“It was covered with a sheet of ice. I immediately crossed it off my list,” he said. “If there were issues with the pool, there could have been $40,000 of work to be done.”
To find foreclosure auctions, you can check local newspaper listings or the county clerk’s website. Search real estate websites by filtering for bank-owned properties in the neighborhoods you are interested in.
Before bidding on a particular house, consider paying for a title search to check for any surprise liens that could come with the deed. Look up comparable properties in the neighborhood to get a sense of the market price. Make a rough list of anticipated repairs and estimate the costs.
Based on your research, figure out your top bid ahead of time and stick with it in the heat of the moment.
“When you’re going after a foreclosure, the more emotional it is, the higher the offer you’ll end up making,” said Jordan Moorhead, a real estate agent with Keller Williams Realty in the Minneapolis-St. Paul area.
Before the auction, call ahead to find out what you need to bring (you may need ID or other documents), and what forms of payment are acceptable. You may need cash, a money order or cashier’s check.
Bank-owned or real-estate-owned houses have been repossessed by the lender and couldn’t be sold at auction.
“If no one bids on then it becomes bank owned,” said Boroda.
Compared to a short sale or a foreclosure auction, buying a bank-owned property is more similar to a conventional home purchase. Such houses may be priced much lower than their last sale price, but they are generally listed at market value. The bank hires brokers to set a fair price based on comparable homes nearby and the estimated cost of fixing it up, said Watts.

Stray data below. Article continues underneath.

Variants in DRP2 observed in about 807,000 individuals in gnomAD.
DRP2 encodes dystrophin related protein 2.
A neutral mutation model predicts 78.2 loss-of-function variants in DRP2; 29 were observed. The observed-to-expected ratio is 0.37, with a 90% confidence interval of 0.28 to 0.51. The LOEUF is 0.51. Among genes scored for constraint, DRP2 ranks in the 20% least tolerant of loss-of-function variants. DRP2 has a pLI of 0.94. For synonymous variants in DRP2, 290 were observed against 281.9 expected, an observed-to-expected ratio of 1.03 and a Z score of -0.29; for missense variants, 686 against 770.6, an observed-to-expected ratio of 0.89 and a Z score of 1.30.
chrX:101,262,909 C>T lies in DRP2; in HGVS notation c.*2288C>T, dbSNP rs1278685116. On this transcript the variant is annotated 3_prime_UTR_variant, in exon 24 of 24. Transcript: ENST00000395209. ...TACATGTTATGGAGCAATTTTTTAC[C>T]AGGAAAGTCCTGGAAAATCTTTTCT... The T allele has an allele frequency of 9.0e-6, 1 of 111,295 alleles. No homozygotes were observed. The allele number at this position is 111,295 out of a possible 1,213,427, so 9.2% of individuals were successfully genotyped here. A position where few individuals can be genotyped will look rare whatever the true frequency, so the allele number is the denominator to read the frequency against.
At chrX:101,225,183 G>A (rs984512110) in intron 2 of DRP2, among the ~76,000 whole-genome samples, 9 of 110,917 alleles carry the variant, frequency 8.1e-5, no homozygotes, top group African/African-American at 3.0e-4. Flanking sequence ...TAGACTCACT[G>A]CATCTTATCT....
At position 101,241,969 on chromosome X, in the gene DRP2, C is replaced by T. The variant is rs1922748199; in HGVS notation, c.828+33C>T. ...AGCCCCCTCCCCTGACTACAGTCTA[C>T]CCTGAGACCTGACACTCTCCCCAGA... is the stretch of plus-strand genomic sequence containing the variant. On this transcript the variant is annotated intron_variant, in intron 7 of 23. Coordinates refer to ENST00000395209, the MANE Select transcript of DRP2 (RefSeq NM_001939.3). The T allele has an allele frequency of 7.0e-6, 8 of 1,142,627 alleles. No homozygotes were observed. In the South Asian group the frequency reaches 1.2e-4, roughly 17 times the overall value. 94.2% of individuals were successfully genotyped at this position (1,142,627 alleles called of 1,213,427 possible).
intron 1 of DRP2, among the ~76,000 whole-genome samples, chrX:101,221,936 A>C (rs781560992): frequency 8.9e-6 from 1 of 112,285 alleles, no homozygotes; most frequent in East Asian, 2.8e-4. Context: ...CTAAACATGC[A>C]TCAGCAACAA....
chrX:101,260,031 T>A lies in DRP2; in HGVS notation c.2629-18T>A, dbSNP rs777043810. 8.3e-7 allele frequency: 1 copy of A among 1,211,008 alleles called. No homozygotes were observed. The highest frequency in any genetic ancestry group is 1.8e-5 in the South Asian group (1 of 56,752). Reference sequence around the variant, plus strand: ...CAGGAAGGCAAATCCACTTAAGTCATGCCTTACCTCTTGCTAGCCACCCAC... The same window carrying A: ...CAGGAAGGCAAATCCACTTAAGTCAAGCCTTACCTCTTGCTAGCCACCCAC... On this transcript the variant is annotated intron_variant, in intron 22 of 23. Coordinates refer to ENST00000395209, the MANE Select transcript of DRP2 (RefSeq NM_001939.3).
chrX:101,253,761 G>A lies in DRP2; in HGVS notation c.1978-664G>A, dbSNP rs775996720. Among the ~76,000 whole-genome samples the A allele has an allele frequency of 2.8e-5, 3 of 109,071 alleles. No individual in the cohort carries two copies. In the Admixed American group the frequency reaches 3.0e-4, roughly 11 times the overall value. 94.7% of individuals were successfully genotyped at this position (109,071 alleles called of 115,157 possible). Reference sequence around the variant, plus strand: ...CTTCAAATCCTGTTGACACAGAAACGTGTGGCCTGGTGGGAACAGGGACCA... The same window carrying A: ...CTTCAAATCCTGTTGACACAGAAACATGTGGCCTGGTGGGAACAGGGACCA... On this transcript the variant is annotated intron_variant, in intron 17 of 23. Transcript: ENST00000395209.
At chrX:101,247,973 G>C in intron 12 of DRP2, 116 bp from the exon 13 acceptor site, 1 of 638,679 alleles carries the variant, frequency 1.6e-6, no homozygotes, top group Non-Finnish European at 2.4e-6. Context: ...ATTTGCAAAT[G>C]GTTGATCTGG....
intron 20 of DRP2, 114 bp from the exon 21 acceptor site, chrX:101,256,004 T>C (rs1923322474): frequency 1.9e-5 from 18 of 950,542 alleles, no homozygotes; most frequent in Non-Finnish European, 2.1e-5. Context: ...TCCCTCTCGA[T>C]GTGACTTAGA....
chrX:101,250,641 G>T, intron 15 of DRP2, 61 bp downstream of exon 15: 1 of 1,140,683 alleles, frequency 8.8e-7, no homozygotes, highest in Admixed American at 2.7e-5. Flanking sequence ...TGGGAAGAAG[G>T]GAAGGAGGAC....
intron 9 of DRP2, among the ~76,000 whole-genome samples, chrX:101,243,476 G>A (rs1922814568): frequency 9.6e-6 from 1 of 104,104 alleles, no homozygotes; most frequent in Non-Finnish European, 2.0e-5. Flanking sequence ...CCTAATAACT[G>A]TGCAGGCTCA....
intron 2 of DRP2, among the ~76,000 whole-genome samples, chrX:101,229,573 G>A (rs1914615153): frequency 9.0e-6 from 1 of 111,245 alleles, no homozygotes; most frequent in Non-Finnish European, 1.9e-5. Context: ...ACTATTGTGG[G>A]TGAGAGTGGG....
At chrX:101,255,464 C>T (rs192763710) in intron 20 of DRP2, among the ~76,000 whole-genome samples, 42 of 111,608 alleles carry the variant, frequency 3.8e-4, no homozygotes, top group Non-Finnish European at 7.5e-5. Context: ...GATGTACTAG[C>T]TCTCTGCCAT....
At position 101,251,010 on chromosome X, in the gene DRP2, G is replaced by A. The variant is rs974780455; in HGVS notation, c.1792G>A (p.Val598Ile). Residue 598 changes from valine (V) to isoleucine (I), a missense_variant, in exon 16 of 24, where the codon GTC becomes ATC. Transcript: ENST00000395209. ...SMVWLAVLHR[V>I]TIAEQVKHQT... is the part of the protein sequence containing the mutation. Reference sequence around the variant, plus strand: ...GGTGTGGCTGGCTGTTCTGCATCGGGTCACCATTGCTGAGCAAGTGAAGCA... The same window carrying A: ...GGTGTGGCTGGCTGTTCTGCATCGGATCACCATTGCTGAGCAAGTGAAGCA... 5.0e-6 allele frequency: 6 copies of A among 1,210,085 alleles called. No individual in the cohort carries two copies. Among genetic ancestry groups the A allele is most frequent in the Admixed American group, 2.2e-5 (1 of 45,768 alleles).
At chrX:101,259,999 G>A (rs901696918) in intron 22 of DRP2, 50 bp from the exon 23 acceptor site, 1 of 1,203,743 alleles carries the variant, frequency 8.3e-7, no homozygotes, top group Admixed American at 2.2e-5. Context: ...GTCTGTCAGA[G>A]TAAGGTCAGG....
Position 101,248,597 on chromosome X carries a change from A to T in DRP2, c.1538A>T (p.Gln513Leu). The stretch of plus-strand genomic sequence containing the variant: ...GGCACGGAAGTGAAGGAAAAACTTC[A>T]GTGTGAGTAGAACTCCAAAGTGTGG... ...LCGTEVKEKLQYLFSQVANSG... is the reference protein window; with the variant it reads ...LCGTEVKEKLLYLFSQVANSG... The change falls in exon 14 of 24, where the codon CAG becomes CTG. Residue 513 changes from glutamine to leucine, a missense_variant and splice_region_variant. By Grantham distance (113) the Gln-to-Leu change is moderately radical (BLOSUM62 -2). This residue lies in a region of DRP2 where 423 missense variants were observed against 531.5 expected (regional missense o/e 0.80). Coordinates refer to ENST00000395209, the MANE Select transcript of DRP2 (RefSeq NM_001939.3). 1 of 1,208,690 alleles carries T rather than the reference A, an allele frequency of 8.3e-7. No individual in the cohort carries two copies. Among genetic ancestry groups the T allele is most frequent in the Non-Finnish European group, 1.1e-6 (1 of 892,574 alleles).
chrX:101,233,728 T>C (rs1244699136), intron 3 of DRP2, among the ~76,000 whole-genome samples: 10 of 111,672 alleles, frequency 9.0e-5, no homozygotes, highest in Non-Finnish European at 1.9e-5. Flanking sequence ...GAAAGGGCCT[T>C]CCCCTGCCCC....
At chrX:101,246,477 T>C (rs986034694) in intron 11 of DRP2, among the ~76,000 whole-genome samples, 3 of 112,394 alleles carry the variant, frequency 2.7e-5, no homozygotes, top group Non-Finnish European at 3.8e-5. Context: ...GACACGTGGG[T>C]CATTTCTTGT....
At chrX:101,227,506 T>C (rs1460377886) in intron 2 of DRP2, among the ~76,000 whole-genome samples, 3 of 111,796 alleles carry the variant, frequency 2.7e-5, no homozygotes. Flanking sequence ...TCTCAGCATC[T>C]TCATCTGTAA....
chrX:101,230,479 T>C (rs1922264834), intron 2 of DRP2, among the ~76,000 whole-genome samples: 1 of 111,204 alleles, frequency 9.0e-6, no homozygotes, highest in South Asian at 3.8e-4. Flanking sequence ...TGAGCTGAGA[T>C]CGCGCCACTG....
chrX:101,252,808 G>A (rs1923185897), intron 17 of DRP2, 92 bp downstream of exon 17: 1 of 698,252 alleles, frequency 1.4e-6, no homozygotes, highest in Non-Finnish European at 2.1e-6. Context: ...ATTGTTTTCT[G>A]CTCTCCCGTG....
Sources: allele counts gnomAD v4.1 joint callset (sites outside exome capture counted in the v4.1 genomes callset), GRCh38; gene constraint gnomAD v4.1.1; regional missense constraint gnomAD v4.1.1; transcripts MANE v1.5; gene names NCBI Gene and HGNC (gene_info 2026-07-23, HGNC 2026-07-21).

“If the market price is $100,000, the bank is not going to price it at $70,000,” said Boroda. “It might be priced a little below market, like $95,000. It’s the same as buying from a regular seller, but it’s a bank and they’re not as emotional.”
There are many ways to identify real-estate-owned properties. You can work with a real estate agent or search on websites like Realtor.com, Trulia and Zillow. Large banks, like Bank of America and Wells Fargo, list REOs for sale on their websites, along with the agent name to contact. Fannie Mae’s HomePath and Freddie Mac’s HomeSteps are two online databases of foreclosed homes around the country.
You can also search for homes owned by public agencies at the U.S. Department of Housing and Urban Development website.
Wherever you find the perfect foreclosure, do your research and be careful not to overpay.
Next week, we’ll look at the various ways to pay for a foreclosure. Spoiler alert: You don’t need a wheelbarrow full of cash.
Image: Breno Assis